The power of feathers

Since feathers are often difficult to obtain, they are associated with status and luxury. The rarer and more exotic the bird, the more valuable its feathers.

Feathers signal wealth, abundance and supremacy. Something that must be earned or requires special powers to be able to handle.

Since the Middle Ages members of the nobility in Europe have used feathers. At first, they used mainly ostrich feathers from the Middle East and Africa. From the 16th century explorers and merchants would bring exotic feathers back to Europe, where they became a valuable commodity.

DISPLAY OF POWER AND STATUS

Due to the expense of obtaining exotic feathers, they were historically real luxury items, representing the prestige of an individual, family or group. Power symbols like mantles and headdresses made of feathers, were often reserved for royalty and important persons. Yellow and red are the dominant colours in kings' cloaks from Hawaii, where red was traditionally a royal colour, and yellow was an exclusive colour that enhanced the wearer's status, as there was only one bird with yellow feathers. Red was also a royal colour in some groups in Congo. Various South American cultures associate red and yellow with the birth of the sun.

SHAMANS

Shamans are central to many cultures in South America. In their community, these men and women are doctors, psychologists, priests and cultural experts all combined in one person. Shaman costumes often feature feathers. Many birds are believed to have supernatural powers, which are transferred to those who wear their feathers. For the uninitiated eye the feather diadems worn by ordinary participants in ceremonies and dances is no different than the shamans. However – everything with the shaman is "non-ordinary". The shamans' feather crown and other feather ornaments are charged with supernatural powers which emanate from spirit allies and are acquired through training.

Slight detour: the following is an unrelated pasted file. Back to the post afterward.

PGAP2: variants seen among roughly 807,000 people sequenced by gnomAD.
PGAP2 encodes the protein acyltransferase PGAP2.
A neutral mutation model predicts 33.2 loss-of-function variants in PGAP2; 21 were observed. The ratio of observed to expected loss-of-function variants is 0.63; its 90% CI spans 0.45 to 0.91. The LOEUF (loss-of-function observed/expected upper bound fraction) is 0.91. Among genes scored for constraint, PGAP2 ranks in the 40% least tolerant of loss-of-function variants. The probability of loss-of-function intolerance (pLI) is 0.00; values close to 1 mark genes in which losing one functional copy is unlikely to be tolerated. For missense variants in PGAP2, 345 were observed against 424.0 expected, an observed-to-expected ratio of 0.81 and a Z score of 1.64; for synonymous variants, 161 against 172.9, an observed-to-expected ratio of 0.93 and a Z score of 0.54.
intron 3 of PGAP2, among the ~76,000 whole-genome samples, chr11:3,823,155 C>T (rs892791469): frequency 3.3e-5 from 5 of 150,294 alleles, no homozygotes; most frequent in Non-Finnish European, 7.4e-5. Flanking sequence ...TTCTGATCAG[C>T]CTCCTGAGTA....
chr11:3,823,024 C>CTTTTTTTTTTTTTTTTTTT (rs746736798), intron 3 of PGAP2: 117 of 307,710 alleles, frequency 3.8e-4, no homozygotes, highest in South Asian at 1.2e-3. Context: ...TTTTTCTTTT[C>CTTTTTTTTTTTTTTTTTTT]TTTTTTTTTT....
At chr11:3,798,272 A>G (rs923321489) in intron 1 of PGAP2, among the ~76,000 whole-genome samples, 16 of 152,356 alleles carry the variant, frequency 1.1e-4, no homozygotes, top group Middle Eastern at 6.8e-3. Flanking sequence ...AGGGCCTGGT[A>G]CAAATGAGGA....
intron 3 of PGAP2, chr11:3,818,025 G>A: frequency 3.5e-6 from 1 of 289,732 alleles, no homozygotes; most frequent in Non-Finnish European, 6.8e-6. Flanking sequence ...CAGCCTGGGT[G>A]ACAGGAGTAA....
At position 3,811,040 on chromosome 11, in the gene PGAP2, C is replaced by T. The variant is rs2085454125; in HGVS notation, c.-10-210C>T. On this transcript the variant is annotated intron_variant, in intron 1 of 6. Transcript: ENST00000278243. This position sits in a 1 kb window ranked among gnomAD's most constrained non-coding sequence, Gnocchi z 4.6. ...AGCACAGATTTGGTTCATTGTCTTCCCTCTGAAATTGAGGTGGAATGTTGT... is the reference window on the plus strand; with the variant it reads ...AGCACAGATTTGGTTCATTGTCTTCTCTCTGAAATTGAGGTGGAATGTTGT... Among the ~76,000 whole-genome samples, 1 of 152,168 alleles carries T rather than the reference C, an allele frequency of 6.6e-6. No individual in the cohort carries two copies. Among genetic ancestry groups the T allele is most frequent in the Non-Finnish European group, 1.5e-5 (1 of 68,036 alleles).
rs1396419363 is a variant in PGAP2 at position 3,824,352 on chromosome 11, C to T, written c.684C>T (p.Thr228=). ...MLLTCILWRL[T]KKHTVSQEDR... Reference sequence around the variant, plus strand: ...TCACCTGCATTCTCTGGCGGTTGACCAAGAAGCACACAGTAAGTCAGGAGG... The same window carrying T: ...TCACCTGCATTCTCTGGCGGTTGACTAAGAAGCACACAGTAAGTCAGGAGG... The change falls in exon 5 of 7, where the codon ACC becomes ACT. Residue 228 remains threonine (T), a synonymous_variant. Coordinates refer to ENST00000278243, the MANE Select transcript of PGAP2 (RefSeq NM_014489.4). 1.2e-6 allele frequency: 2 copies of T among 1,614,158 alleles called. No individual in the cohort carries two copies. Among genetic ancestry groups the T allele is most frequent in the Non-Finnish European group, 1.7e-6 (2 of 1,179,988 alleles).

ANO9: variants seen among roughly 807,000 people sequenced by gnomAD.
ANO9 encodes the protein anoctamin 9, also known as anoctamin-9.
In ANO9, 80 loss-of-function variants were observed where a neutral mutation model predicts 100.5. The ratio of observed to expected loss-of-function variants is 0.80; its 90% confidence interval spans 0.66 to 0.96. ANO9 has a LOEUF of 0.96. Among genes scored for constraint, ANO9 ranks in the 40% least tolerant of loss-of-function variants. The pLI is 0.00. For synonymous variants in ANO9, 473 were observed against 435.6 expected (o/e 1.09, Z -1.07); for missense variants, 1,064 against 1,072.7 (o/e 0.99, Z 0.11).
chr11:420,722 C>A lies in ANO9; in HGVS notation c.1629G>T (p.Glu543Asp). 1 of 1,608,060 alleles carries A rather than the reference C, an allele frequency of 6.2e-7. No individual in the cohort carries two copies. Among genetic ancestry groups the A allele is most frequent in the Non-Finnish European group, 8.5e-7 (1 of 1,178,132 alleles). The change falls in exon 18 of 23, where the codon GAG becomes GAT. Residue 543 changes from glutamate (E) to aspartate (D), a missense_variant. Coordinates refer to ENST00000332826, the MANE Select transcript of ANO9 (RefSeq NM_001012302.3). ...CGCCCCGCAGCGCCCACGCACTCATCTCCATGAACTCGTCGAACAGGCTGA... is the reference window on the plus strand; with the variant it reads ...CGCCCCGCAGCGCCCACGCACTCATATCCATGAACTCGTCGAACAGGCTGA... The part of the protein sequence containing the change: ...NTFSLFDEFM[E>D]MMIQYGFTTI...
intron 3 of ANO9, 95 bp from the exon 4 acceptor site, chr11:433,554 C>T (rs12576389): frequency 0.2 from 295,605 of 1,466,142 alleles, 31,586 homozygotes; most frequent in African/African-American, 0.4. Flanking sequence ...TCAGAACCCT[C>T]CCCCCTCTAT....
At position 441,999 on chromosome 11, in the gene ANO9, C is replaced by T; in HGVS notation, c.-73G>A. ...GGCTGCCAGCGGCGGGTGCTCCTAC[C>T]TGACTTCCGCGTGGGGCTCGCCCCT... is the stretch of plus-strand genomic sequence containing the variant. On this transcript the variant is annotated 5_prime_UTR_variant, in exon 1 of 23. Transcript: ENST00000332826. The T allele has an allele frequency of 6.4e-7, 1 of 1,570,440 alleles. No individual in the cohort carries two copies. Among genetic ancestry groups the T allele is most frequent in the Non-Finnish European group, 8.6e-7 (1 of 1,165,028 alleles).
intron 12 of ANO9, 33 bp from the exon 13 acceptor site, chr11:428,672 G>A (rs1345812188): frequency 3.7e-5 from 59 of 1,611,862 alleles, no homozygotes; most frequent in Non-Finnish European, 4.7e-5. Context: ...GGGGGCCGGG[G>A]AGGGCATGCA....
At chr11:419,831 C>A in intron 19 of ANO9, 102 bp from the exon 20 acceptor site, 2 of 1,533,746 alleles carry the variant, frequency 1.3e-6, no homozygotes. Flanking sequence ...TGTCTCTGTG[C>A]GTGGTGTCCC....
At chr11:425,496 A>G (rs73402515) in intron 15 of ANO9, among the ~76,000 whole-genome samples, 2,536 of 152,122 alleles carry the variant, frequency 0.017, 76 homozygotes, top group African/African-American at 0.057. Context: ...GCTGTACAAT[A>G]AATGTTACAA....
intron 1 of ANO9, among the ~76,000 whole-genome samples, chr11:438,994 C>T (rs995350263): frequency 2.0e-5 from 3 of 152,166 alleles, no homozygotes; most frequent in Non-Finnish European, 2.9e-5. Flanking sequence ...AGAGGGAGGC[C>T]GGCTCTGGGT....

PROVEN COURAGE

In some cultures, the higher a person's rank, the more feathers they are allowed to wear. The best-known examples of this is Native American headdresses. Chiefs often wear headdresses made of feathers from eagles and other birds of prey. They earn the right to wear them by making a special contribution to their community in politics, battle or religion. In other cultures, people with a certain status or in a certain age group wear feather headdress.